A question on 737 simulator stab trim fidelity re engine failure V1/Go on runway
In the back of my mind was the understanding that the correct setting of the CG/Stab Trim from the load-sheet meant the aircraft was designed to be in-trim at V2+15 with both engines operating. A former inspector qualified to conduct simulator fidelity checks on the Boeing 767 told me that the stab trim setting from the load sheet on the 767 is based upon an engine failure at V1 - accelerate to VR on one engine - and be in trim at V2 +15.
The discussion arose over stick forces in one particular 737 simulator following an engine failure at V1 - accelerating to VR - and rotating. Experience with this simulator is that with the V1 and Go situation allowing say a 10 knot spread between V1 and VR, the back stick force to achieve rotation to around 12 degrees initially on one engine, is very heavy requiring a determined pull and by the time the aircraft has reached gear selected up height of about 100 fet agl, it is necessary to use considerable back stab trim to the order of at least seven units indicated. The stab trim was initially set to 5.2 Units for take off. The take off weight was 50 tonnes with flap 5 sea level standard temp.
On a normal two-engine take off the stab trim of 5.2 Units poses no problems as far as I recall. If the airworthiness certification of the simulator stab trim forces means in-trim at V2+15 with two engines then I can understand that following a engine cut at V1 and the decision is made to continue, the absence of the failed engine to provide a vertical component of thrust as the nose rises, will give the effect of a nose heavy aircraft that requires significant stab trim aft to get back into trim. This is what we experience on the engine failure on the runway case (V1) with continued acceleration on the live engine. It is not uncommon for pilots in the simulator to sink back onto the runway as they are caught by surprise by the significant pull needed to rotate on one engine and get the climb going from VR.
The question therefore relates to the simulator airworthiness meaning of the normal take off stab trim setting. Is it designed to be in trim for V2+15 on two engines? Or does the stab trim setting from the load sheet assume engine failure at V1 and continue? Once that fact is known then it becomes a simulator fidelity discussion re stick forces on VR.
Our load sheet gives a stab trim (in accordance with Boeing performance methods) that should give reasonable control forces and an approximate in trim condition for V2+20 all engines and V2 one engine out. I am told and can understand that a substantial pull is required for the EF case as you stated, the nose up ten dance is less with one engine.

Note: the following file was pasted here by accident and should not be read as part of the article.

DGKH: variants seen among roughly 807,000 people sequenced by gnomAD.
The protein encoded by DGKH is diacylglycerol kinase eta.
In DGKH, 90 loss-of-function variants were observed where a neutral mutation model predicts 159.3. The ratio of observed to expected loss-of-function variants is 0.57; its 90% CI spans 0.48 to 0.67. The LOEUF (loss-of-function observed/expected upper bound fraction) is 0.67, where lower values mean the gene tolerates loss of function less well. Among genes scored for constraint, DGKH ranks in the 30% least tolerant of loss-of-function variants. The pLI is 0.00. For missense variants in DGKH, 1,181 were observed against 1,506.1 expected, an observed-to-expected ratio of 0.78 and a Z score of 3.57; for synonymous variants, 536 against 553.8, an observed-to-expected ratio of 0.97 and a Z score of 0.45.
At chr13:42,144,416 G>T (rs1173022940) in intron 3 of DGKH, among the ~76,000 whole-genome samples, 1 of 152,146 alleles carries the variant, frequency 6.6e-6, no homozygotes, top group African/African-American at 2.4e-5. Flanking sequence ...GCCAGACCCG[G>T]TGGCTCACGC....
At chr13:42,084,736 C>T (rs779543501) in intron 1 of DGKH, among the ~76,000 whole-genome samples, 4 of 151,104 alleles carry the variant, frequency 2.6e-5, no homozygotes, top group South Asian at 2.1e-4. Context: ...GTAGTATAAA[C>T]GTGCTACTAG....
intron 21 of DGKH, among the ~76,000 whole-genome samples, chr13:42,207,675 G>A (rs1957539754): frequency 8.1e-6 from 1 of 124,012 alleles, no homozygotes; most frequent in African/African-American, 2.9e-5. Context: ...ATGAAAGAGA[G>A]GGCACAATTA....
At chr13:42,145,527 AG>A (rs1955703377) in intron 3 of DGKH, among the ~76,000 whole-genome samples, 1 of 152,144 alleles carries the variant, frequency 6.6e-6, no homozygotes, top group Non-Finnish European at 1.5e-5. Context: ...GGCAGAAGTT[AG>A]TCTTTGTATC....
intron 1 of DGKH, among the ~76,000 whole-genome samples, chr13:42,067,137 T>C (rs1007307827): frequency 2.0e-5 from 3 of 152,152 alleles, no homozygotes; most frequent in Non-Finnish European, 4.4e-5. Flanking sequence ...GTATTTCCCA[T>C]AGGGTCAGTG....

I can't speak for your 737 sim, but when we did simulated EFTOs (idle thrust on OB engine selected) on B707 during base training, then it needed more NU trim than a normal all engine climb out.
Your logic with "If the airworthiness certification of the simulator stab trim forces means in-trim at V2+15 with two engines then I can understand that following a engine cut at V1 and the decision is made to continue, the absence of the failed engine to provide a vertical component of thrust as the nose rises, will give the effect of a nose heavy aircraft that requires significant stab trim aft to get back into trim." is correct.
How much extra nose up trim does it require to fly 15 kts slower? I suggest if you doubled that (for the loss of the nose up couple from the failed engine) - then you'd be about right.
The mach trim is supposed to indirectly help to increase nose up during take off in case an engine fails...to avoid such issue as a nose heavy feeling as mentionned above. It is called the FCC Controlled Neutral Shift Enable region.(FCNSE).
I've a feeling that the stab trim is set (on 738) for 2 eng, gear up & V2+20. We're encouraged by our senior trainers to teach the guys to avoid trimming until gear is up for that reason, and for the engine failure case to expect to be out of trim for the reasons outlined by rrrat. As far as giving the CC a big heave, am not sure that's the answer (of course you do what you have to), you're trying to achieve a slightly slower rotation rate eng out, so the control force should be similar. It is interesting however the two sims that we use require entirely different techniques to get airborne on one engine! So perhaps I better refer to the FCC Controlled Neutral Shift Enable region!
Last edited by Fredairstair; 31st Jan 2013 at 14:11.
Centaurus: I would suggest that you ask the people who maintain and certify the simulator you train on if you can review IQTG test 1B5 (critical engine failure at takeoff): this particular objective test covers precisely this situation and offers time histories of all the relevant flight paramenters that have to match with Boeing flight test data recorded from the real aircraft.
Maybe use correct speeds from an approved perf table when using flex take offs,ensure CG in FMC takeoff page is correct. Also the rotation rate should be the same as for two engines,if the pilot either delays rotation(surprise and or analysing factor) and delays rotation,speed will build up and higher pulling force may be necessary.